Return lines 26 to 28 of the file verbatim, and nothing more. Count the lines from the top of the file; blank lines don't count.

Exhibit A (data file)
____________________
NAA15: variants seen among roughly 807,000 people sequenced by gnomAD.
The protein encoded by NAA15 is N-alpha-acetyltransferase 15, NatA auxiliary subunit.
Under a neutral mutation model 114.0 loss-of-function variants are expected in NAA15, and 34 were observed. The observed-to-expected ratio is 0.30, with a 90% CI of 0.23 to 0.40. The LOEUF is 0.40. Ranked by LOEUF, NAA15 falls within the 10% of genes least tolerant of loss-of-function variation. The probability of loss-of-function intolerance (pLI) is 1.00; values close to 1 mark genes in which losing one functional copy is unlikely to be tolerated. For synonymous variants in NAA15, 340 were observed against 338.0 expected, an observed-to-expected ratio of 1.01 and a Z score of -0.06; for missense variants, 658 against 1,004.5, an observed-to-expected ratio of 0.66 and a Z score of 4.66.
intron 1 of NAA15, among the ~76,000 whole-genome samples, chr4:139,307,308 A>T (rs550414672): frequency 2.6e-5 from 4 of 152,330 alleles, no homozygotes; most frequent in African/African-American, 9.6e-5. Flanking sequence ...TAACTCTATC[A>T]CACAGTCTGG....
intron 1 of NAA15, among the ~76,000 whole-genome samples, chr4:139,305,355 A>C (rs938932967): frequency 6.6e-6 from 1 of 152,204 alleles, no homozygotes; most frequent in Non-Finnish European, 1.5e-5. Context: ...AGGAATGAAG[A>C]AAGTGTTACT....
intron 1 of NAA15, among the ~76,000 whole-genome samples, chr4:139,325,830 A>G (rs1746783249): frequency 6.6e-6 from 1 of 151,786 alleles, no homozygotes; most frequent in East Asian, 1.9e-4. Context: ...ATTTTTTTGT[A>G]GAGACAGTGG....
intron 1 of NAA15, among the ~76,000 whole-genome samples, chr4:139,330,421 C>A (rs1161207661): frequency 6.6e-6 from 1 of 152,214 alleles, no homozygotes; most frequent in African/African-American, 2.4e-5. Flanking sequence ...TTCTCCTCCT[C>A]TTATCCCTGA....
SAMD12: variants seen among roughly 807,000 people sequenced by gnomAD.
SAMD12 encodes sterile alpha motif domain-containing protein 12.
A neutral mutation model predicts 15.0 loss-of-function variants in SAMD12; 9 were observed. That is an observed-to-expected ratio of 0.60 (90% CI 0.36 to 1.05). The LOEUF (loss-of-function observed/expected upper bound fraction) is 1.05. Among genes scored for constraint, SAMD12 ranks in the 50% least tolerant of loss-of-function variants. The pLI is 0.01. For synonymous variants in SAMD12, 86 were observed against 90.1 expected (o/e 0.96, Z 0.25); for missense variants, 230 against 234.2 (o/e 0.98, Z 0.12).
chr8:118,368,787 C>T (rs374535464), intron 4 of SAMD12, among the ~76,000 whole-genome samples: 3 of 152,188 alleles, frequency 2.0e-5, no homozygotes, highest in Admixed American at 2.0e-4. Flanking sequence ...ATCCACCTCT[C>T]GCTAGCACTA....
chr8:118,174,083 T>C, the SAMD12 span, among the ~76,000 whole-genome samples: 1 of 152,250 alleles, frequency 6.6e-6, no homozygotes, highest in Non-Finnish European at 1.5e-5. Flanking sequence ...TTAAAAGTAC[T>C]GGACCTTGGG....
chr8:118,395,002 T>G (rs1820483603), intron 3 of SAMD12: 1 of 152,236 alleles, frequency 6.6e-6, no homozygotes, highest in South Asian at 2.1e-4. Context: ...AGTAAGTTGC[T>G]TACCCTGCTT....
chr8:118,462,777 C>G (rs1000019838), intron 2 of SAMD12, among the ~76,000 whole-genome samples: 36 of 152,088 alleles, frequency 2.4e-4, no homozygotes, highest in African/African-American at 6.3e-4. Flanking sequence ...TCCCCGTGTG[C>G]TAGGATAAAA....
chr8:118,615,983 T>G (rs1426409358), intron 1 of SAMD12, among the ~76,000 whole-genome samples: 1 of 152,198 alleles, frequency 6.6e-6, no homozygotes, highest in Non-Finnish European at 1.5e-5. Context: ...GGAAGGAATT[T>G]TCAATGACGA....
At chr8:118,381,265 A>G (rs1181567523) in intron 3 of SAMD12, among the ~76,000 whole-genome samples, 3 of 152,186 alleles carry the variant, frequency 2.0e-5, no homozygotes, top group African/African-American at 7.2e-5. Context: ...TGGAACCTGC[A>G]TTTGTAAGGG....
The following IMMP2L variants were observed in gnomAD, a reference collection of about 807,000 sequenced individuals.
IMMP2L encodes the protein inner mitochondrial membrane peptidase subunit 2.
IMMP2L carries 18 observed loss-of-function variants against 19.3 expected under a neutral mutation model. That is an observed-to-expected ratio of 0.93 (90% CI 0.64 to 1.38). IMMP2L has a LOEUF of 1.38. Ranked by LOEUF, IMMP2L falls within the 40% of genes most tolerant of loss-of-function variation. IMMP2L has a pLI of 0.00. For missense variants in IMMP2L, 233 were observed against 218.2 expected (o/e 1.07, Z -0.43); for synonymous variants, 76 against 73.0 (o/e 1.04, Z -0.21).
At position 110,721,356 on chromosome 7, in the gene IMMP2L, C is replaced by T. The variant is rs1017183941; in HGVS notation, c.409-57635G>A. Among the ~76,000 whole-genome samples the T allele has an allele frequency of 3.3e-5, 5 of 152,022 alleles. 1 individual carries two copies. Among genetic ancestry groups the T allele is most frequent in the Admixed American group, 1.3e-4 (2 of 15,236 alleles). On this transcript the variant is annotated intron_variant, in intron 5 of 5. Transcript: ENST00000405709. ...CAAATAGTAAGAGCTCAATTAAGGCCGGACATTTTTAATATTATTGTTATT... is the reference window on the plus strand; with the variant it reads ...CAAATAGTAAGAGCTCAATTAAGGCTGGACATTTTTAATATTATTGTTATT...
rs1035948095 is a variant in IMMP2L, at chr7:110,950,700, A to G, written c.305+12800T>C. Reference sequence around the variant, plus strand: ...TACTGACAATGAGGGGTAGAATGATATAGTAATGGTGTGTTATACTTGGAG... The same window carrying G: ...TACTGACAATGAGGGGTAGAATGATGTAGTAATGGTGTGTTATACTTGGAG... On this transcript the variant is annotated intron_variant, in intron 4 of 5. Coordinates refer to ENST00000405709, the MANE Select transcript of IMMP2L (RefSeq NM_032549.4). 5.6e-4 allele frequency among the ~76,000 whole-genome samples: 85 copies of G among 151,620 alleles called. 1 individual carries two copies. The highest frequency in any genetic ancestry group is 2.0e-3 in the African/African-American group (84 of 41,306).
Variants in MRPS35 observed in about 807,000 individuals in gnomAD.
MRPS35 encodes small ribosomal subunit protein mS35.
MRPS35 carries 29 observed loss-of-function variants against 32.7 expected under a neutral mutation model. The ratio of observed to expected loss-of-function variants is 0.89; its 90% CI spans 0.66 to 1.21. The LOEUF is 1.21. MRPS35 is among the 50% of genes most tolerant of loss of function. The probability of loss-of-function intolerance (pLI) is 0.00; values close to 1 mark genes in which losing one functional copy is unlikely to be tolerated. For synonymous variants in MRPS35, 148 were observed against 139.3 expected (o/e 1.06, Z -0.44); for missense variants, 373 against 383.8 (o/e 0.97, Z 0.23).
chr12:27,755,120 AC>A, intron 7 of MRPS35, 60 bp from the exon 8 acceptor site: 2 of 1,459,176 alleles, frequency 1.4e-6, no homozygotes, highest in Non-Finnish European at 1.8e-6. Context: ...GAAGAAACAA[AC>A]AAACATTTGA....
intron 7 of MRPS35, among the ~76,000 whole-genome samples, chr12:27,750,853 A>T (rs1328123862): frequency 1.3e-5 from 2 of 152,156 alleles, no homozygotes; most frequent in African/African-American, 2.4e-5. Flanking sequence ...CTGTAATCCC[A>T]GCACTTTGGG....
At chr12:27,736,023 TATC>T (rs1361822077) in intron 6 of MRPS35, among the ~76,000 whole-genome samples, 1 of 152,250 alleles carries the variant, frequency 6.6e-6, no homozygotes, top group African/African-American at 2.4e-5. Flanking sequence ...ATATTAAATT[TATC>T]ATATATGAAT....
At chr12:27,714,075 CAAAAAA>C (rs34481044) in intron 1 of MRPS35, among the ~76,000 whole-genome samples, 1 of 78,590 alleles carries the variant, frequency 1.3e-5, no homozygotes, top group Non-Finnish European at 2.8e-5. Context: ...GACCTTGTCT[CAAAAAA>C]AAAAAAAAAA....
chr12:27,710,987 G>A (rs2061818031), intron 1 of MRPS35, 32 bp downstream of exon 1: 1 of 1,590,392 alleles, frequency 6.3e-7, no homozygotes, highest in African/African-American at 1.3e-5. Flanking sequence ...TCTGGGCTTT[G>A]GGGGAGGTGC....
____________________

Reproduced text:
intron 7 of MRPS35, among the ~76,000 whole-genome samples, chr12:27,750,853 A>T (rs1328123862): frequency 1.3e-5 from 2 of 152,156 alleles, no homozygotes; most frequent in African/African-American, 2.4e-5. Flanking sequence ...CTGTAATCCC[A>T]GCACTTTGGG....
At chr12:27,736,023 TATC>T (rs1361822077) in intron 6 of MRPS35, among the ~76,000 whole-genome samples, 1 of 152,250 alleles carries the variant, frequency 6.6e-6, no homozygotes, top group African/African-American at 2.4e-5. Flanking sequence ...ATATTAAATT[TATC>T]ATATATGAAT....
At chr12:27,714,075 CAAAAAA>C (rs34481044) in intron 1 of MRPS35, among the ~76,000 whole-genome samples, 1 of 78,590 alleles carries the variant, frequency 1.3e-5, no homozygotes, top group Non-Finnish European at 2.8e-5. Context: ...GACCTTGTCT[CAAAAAA>C]AAAAAAAAAA....